Listen to Rilo Kiley’s Under the Blacklight, and there’s lots of nuance and tone in the vocals, and the guitars chime and shimmer, but when the bassline dives low, it gets slightly lost in the mix. The synth and vocal textures in the Prefuse 73 remix of Via Tania’s Drift Away are pristine and beautiful, but without a thick bass the sound loses its warmth.
Forget about anything that needs a powerful bass to work. Help Somebody, from Maxwell’s new R&B opus, BLACKSummer’s night, sounds just too thin to be funky, While DJ Shadow’s Fixed Income is – bluntly – a bit of a battering for the eardrums, the snare drums a bit too dominant in the mix. Nor are the AAs ideal for rock. Mastodon’s Divinations fell pretty much flat, and the rolling bar-room rock of The Hold Steady’s Stay Positive is all detail, no raucous presence.
The AAs fare better with more acoustic or folky music, lighter classical music and small group jazz, where that lovely crystalline high-end gets a chance to shine and basslines don’t have such a crowded mix to get lost in, but as all-rounders the AAs aren’t the best headphones I’ve heard. Nor is the soundstage as expansive as you’d expect from, say, a half-decent pair of over-the-ear headphones.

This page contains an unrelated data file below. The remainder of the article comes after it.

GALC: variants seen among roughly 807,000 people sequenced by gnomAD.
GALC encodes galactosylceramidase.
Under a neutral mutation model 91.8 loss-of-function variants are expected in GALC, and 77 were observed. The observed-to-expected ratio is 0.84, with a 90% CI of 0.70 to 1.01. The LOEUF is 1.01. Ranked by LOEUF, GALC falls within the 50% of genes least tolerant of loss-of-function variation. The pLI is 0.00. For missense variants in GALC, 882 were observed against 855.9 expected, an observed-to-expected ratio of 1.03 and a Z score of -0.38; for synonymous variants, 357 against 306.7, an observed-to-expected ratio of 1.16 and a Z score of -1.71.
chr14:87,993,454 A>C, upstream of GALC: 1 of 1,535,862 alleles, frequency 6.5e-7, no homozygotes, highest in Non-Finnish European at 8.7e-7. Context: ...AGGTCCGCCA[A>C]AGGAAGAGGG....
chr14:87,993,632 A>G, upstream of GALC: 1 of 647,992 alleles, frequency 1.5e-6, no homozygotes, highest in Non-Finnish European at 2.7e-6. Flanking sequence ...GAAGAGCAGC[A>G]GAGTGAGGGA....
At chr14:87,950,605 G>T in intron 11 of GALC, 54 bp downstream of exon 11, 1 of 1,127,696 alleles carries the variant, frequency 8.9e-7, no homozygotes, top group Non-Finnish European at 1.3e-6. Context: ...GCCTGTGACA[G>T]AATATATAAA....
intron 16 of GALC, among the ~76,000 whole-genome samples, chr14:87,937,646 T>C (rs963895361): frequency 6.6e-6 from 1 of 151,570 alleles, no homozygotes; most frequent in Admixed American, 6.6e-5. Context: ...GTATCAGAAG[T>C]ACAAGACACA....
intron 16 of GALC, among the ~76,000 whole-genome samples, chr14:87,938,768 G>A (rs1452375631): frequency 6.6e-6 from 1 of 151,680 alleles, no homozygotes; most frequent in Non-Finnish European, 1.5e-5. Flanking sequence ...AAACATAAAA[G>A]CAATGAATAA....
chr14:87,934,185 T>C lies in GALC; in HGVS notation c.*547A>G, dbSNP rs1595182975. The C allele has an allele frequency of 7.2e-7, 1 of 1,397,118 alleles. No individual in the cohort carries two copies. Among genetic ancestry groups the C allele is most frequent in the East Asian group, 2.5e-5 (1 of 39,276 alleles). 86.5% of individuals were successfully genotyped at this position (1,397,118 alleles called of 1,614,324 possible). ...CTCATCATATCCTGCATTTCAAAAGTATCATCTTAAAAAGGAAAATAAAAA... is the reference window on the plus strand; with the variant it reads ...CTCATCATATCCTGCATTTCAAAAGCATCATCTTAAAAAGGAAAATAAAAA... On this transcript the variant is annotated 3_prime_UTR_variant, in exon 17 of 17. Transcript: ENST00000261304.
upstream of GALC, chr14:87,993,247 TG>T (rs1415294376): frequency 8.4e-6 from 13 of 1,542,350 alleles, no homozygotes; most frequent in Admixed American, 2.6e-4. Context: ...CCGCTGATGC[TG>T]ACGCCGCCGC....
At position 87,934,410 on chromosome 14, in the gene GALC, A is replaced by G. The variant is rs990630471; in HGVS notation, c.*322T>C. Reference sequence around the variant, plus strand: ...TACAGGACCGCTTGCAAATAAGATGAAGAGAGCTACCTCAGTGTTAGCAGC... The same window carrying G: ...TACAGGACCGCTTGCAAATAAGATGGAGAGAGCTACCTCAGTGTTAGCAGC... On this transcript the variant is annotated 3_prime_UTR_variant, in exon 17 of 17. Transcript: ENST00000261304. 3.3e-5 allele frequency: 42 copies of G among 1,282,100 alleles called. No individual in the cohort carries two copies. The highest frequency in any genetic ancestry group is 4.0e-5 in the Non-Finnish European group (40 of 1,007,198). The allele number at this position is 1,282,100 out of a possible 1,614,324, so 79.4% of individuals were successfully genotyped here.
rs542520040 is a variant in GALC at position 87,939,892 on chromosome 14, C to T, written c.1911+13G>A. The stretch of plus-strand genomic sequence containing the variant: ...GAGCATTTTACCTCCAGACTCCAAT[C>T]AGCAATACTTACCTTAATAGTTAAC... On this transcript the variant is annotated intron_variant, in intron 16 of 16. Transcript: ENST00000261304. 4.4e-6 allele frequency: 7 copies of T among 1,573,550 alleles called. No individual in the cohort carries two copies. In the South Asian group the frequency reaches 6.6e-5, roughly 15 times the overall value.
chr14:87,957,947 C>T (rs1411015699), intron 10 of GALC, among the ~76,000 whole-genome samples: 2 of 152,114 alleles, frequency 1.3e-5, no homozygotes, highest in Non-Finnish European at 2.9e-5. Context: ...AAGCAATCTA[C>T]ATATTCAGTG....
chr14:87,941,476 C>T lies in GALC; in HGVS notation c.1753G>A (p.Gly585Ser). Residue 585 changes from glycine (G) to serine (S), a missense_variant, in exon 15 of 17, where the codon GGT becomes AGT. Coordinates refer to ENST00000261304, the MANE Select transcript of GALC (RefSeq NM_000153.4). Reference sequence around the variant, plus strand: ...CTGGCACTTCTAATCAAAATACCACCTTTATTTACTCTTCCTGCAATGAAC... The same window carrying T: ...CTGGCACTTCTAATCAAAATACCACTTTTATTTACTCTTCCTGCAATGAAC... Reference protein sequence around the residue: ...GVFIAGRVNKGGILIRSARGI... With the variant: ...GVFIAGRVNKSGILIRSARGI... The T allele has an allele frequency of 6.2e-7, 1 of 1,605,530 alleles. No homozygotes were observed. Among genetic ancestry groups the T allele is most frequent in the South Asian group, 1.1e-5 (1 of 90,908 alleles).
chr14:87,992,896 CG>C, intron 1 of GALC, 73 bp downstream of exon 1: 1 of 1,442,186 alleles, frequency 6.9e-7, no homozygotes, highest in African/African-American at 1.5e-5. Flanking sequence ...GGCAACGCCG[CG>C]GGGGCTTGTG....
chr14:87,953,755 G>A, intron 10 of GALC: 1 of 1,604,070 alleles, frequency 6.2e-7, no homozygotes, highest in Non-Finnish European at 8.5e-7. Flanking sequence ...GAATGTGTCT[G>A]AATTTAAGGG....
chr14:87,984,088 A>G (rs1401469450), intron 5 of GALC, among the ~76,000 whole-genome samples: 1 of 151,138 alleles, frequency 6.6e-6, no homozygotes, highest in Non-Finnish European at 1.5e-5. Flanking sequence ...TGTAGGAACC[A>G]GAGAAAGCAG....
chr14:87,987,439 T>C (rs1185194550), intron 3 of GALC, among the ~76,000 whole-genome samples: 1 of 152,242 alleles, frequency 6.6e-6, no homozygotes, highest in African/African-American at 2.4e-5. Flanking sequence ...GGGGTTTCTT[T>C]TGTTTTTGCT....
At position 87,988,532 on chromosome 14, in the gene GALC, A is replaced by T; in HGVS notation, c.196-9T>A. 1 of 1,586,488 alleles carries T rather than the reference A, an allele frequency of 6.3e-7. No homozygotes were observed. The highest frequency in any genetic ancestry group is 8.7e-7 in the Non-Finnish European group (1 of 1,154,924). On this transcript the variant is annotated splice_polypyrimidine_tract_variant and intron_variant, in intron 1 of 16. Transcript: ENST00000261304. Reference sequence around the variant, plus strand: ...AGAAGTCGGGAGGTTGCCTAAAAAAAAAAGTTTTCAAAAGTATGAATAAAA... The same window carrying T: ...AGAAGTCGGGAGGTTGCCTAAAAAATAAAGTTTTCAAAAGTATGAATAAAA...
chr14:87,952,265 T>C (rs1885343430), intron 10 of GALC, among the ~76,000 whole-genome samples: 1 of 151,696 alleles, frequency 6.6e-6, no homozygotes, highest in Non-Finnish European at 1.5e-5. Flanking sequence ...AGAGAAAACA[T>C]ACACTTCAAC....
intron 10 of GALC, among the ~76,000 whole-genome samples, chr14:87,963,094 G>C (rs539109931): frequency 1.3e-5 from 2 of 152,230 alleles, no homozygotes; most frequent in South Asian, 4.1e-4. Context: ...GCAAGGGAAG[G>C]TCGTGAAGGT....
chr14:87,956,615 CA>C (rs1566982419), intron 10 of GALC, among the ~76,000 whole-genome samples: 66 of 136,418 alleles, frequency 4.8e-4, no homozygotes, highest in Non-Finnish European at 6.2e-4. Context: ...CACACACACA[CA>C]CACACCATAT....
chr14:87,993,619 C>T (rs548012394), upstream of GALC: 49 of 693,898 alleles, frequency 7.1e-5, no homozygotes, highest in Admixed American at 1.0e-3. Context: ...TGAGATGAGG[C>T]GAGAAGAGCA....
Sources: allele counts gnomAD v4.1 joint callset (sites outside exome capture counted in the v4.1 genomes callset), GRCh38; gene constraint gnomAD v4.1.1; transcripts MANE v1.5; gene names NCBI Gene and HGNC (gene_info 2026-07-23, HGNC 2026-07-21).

And this is all serious stuff, because at £169.95 (exclusive to Creative’s online store), you’ve got a right to expect exceptional audio as well as exceptional design. As it is, at this price point Creative is going up against such big hitters as the Klipsch Custom 3s and Image X10s, not to mention Sennheiser’s IE7s and IE8s and the Shure SE420s. Of course, not everyone finds an IEM comfortable, while full-sized ‘phones aren’t so ideal for active use. Given that, the AAs might find some takers, but I’d personally be tempted to buy a cheaper pair of sports earphones for exercise and, say, a pair of Grado SR80s or Audio Technica ATH-AD500s for home.
It’s a shame. I want to love the Aurvana Airs, and I’m even willing to ignore the fact that they don’t provide any noise isolation to speak of (making use on public transport a bit of a no-no). They’re gorgeous looking, comfortable and well constructed, and I can’t say enough how good they are for crisp, clear detail. Were the Aurvana Airs £100 or less, I’d probably be more willing to big them up. However, at the price they are, they really needed to deliver a more convincing all-round performance, sonically. If only they were as beautiful to listen to as they are to look at… oh well. I guess that’s asking a bit too much.
Stunning looks and superb engineering, but the sound isn’t quite in the same league. Given the high price you could do better.
Score in detail
Sound Quality 7